This piece was inspired by the news that a friend’s garage just welcomed another tenant. It’s a 1995 BMW E36 M3 with a 550 hp LS3 383 c.i.d. stroker where the original straight six used to be. It was built for racing.
The car is impressively detailed. It was obviously created without compromise, just another example of how engine swaps can breathe new life into a vehicle that’s either dull, dying or dead. Can’t wait to see it on the track soon.
Swapping is good. And while most automotive swaps concern engines, there are other systems and hardware (suspension, brakes, steering, transmissions, rear ends, etc.) that are exchanged in order to improve a car or truck.
The first ‘modern’ engine that inspired re-purposing other vehicles was the Ford Flathead V8, introduced in 1932 and manufactured through 1953, when overhead valve engines became the industry standard. Many a young man became a hot rodder or racer thanks to the flathead’s existence.
Perhaps the most famous example of how component swapping could revolutionize a marque is the Shelby Cobra, which started out in 1953 as the British-build Bristol AC. In 1961 Carroll Shelby had the company modify the Bristol to accept a small block (221 c.i.d.) Ford V8 to replace the stock 2.0-liter straight six. Three years later the cars were powered by the new 289 and battling Ferrari for the FIA GT championship. Then came the 427 Cobra and Daytona coupe. History was made, careers were launched and a new era in motorsports was ushered in because Carroll Shelby had a great idea.
(Note: In 1964 Shelby applied the swap concept to the Sunbeam Alpine, another small, two-seat British sports car. The 289 Ford-powered Sunbeam Tiger, built by Jensen with a royalty paid to Shelby was a hit for a few years, until the company was bought by Chrysler.)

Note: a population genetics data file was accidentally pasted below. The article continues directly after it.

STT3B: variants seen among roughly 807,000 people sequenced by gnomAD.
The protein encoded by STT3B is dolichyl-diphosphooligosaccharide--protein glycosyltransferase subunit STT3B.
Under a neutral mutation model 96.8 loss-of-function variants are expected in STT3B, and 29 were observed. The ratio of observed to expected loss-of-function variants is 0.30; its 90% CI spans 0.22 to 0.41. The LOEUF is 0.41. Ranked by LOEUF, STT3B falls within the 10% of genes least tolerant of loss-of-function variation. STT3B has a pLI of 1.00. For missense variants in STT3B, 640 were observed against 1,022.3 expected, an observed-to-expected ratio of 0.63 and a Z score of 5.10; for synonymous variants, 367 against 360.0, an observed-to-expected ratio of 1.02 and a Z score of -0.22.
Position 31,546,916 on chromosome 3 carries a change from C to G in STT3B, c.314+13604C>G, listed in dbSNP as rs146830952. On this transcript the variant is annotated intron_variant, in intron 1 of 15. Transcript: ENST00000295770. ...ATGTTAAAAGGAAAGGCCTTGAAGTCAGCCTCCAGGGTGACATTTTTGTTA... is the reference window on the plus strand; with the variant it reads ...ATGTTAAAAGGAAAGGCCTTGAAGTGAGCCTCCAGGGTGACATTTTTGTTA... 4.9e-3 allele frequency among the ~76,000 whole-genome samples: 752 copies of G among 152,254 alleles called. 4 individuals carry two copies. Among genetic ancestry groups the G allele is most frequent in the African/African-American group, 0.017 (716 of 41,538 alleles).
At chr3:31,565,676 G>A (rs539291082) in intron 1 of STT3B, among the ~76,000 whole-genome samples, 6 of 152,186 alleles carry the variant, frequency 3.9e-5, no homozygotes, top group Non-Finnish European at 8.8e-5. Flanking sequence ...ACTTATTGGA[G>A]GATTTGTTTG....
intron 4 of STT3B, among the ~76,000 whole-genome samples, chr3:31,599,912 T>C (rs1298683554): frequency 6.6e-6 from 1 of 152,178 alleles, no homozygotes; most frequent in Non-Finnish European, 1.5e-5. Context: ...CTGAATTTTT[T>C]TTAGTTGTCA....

American manufacturers caught on quickly when the muscle car craze hit. Compacts and mid-size sedans had bigger engines installed at the factory to create new flagship models that conveyed speed and performance. Plain jane Mopar products became Barracudas, Challengers, Road Runners and Super Bees. The intermediate Pontiac Le Mans spawned the famous GTO, the Chevy Chevelle hatched the Super Sport, and all the other GM divisions took a swing at hitting a sales home run as well. Ford played the game too.
Personally speaking, this writer has also been involved in a couple of engine swaps. When I totaled my father’s Plymouth Valiant (my fault, high school stupidity) I had to help him pull the 170-inch slant six from the wreck and take it over to his friend’s house where we went about installing it in his old surplus Army Jeep.
My 1968 Datsun 2000 Roadster needed a new engine after the cam chain broke while running at high RPM. It was 1981 and there simply were no engines or parts left for me, as they only made 1000 to make them legal for SCCA racing. I found out a modern L-series engine would mate to the roadster’s 5-speed tranny if I could find an early 240Z bellhousing – which I did. That swap let me drive the car another three years.
And when I learned my old ’64 Ford ½ ton truck was going to be used to pull a horse trailer I replaced the 223-inch six and 3-speed transmission with a 351 Windsor and C6 automatic. That swap gave me another 10 years of service and we won’t talk about the gas mileage.
It’s probably clear how much we love and appreciate the concept of swapping. With apologies to word purists, ‘swapping’ is one of the evolutionary concepts behind Attesa.
Our master-planned community near Casa Grande, founded upon a motorsports technology core, is going to promote innovation and thought leadership. Like how to make good things better and switching out concepts and components to create something more ‘new’ than just improved.
Attesa is being built as a world-class center for advanced transportation design. We’ll have industrial parks where engineers, scientists and fabricators can come up with new solutions plus a road race circuit for real-world testing, to prove or disprove their theories.
So yes, Attesa is going to be sort of a futuristic swap shop. For cars, trucks, motorcycles and just about anything else with wheels, powered by whatever invention turns out to be most efficient in every area possible. And then, the one after that.